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a vast extent with their bodies, and fill the rivers ; or, if upon the sea, at no great distance from the land, the continued storms, or the common operation of wind and tide, cast up their bodies on the shore, which they line in dense masses, casting an intolerable odour far around, and by which pestilential disorders are necessarily generated. In connection with the whole account, and the humiliation and supplication recommended on the occasion, we have been much struck by a passage in Alvarez, relating a visitation of locusts in Abyssinia, and the measures taken on the occasion by the Portuguese missionaries. “The plague of God being come upon us, the priests of the place repaired unto me, beseech. ing me to give them some remedy to chase them away. To which I answered, that I could tell them none other remedy save only to pray devoutly to God, that He would chase them out of the country.” This was done by the Portuguese · according to their custom, and I commanded those of the town to cry unto God like as we did, saying in their language • Zio Marina Christos / that is, •O Lord God, have mercy upon us !'... It pleased God to hear us sinners; for as we returned homeward, there came so many of them (the locusts) behind us, that it seemed they would break our heads and our shoulders ; they struck us so hard,* that they seemed to be blows of stones and of staves, and went from this part towards the sea. The men, women, and children which stayed in the town were gotten up to the roofs of the houses, praising God, because the locusts began to depart and fly before us, and part of them followed after us. In the meanwhile arose a great storm and thunder towards the sea, which came right against them, and lasted three hours, with an exceeding great shower and tempest which filled all the rivers : and when the water ceased, it was a dreadful thing to behold the locusts, which we measured to be above two fathoms high upon the banks of the rivers, and in some rivers there were exceeding great mountains of them, in such wise that on the next morning there was not one of them found alive upon the ground.” (“Purchas his Pilgrimes,' p. 1046-7.)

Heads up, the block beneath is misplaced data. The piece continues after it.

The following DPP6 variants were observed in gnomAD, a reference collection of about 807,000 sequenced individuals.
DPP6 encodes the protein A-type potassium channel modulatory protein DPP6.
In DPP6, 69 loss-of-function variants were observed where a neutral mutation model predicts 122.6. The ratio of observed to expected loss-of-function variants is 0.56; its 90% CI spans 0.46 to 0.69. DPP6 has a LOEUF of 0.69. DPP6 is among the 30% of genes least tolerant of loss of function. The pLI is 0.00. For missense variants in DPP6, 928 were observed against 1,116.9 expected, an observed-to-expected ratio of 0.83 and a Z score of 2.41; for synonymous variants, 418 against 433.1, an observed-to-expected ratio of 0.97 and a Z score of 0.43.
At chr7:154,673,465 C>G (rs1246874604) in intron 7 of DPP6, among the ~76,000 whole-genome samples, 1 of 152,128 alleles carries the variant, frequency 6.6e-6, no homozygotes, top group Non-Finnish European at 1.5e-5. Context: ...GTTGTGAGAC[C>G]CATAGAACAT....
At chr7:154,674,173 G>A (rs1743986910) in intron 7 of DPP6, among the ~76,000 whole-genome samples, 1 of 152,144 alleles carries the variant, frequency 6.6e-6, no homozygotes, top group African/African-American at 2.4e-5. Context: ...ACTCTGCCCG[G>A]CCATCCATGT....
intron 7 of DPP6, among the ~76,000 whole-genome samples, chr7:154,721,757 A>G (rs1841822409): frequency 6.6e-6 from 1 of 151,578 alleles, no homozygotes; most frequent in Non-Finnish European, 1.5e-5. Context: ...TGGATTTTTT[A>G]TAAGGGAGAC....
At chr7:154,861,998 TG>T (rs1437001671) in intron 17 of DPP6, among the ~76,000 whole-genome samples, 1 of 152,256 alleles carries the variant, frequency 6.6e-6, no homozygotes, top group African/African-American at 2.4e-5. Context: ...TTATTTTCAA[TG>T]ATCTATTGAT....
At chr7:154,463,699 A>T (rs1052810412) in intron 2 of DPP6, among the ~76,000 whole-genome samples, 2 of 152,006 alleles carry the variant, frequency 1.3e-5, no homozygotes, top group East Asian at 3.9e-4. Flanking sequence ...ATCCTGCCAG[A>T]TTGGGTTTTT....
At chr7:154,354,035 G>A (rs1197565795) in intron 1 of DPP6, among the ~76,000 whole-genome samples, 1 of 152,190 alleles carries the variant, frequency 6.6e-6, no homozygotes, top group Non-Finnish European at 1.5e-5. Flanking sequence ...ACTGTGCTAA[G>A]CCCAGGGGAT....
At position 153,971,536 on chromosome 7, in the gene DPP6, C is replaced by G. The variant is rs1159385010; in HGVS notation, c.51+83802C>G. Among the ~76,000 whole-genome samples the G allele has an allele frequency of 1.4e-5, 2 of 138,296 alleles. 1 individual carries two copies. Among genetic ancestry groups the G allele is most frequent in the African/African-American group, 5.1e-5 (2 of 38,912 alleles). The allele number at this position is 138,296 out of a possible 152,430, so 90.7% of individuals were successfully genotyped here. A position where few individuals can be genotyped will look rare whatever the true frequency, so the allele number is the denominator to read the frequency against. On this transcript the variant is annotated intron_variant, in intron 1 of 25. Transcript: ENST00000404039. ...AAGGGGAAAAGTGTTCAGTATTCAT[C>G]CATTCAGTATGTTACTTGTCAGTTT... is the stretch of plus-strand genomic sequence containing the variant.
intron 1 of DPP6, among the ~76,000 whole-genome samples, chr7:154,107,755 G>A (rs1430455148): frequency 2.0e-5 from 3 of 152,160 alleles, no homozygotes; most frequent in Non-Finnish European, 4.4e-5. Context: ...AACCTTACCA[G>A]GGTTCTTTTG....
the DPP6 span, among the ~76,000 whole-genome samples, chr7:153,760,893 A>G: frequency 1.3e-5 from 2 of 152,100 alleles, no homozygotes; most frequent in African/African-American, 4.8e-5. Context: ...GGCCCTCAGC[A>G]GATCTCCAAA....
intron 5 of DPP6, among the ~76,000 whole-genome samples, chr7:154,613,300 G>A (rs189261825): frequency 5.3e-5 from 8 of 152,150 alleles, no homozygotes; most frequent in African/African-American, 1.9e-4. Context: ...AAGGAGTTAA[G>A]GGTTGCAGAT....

Out of numerous other illustrations we can only afford room for another from De Tott, who states that he often saw the shores of the Black Sea, towards the Bosphorus of Thrace, covered with the dried remains of locusts, in such multitudes that one could not walk along the strand without sinking half leg deep into a bed of their skinny skeletons. He had opportunities of observing the true cause of this destruction, being witness to their ruin by a storm which overtook them so near the shore that their bodies were cast upon the land while yet entire. This produced so great an infection that it was several days before they could be approached.
return your recompence upon your own
head: i God's judgments against the enemies of his people. 8 And I will sell your sons and your
9 God will be known in his judgment. 18 His | daughters into the hand of the children of blessing upon the church.
Judah, and they shall sell them to the SaFor, behold, in those days, and in that time, beans, to a people far off: for the Lord hath when I shall bring again the captivity of spoken it. Judah and Jerusalem
99 Proclaim ye this among the Gen2 I will also gather all nations, and will tiles; *Prepare war, wake up the mighty bring them down into the valley of Jeho- men, let all the men of war draw near, let shaphat, and will plead with them there for them come up: my people and for my heritage Israel, whom 10 •Beat your plowshares into swords, they have scattered among the nations, and and your 'pruninghooks into spears : let the parted my land.